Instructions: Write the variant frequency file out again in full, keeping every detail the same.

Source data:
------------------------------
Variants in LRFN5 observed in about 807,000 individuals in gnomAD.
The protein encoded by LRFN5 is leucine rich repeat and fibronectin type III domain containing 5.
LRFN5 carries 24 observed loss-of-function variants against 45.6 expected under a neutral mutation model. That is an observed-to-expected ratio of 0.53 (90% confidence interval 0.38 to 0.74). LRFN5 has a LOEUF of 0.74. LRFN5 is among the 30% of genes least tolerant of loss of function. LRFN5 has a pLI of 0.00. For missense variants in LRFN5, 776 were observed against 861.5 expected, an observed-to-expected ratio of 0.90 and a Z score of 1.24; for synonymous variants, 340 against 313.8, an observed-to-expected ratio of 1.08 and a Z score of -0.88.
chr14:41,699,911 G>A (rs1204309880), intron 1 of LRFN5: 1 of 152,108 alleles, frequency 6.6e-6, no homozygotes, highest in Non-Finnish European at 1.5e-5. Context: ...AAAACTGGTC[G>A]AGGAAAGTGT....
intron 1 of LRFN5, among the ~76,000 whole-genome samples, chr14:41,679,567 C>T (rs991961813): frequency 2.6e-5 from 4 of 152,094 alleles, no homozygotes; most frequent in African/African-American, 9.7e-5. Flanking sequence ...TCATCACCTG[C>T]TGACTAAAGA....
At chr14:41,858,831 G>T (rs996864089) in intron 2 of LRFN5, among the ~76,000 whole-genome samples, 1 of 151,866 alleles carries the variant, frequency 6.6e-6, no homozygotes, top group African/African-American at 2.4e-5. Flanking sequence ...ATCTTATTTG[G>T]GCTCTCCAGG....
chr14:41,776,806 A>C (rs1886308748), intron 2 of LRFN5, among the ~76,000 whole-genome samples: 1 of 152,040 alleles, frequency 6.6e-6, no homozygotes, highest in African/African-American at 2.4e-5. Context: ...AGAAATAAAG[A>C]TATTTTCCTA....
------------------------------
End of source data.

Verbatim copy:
Variants in LRFN5 observed in about 807,000 individuals in gnomAD.
The protein encoded by LRFN5 is leucine rich repeat and fibronectin type III domain containing 5.
LRFN5 carries 24 observed loss-of-function variants against 45.6 expected under a neutral mutation model. That is an observed-to-expected ratio of 0.53 (90% confidence interval 0.38 to 0.74). LRFN5 has a LOEUF of 0.74. LRFN5 is among the 30% of genes least tolerant of loss of function. LRFN5 has a pLI of 0.00. For missense variants in LRFN5, 776 were observed against 861.5 expected, an observed-to-expected ratio of 0.90 and a Z score of 1.24; for synonymous variants, 340 against 313.8, an observed-to-expected ratio of 1.08 and a Z score of -0.88.
chr14:41,699,911 G>A (rs1204309880), intron 1 of LRFN5: 1 of 152,108 alleles, frequency 6.6e-6, no homozygotes, highest in Non-Finnish European at 1.5e-5. Context: ...AAAACTGGTC[G>A]AGGAAAGTGT....
intron 1 of LRFN5, among the ~76,000 whole-genome samples, chr14:41,679,567 C>T (rs991961813): frequency 2.6e-5 from 4 of 152,094 alleles, no homozygotes; most frequent in African/African-American, 9.7e-5. Flanking sequence ...TCATCACCTG[C>T]TGACTAAAGA....
At chr14:41,858,831 G>T (rs996864089) in intron 2 of LRFN5, among the ~76,000 whole-genome samples, 1 of 151,866 alleles carries the variant, frequency 6.6e-6, no homozygotes, top group African/African-American at 2.4e-5. Flanking sequence ...ATCTTATTTG[G>T]GCTCTCCAGG....
chr14:41,776,806 A>C (rs1886308748), intron 2 of LRFN5, among the ~76,000 whole-genome samples: 1 of 152,040 alleles, frequency 6.6e-6, no homozygotes, highest in African/African-American at 2.4e-5. Context: ...AGAAATAAAG[A>C]TATTTTCCTA....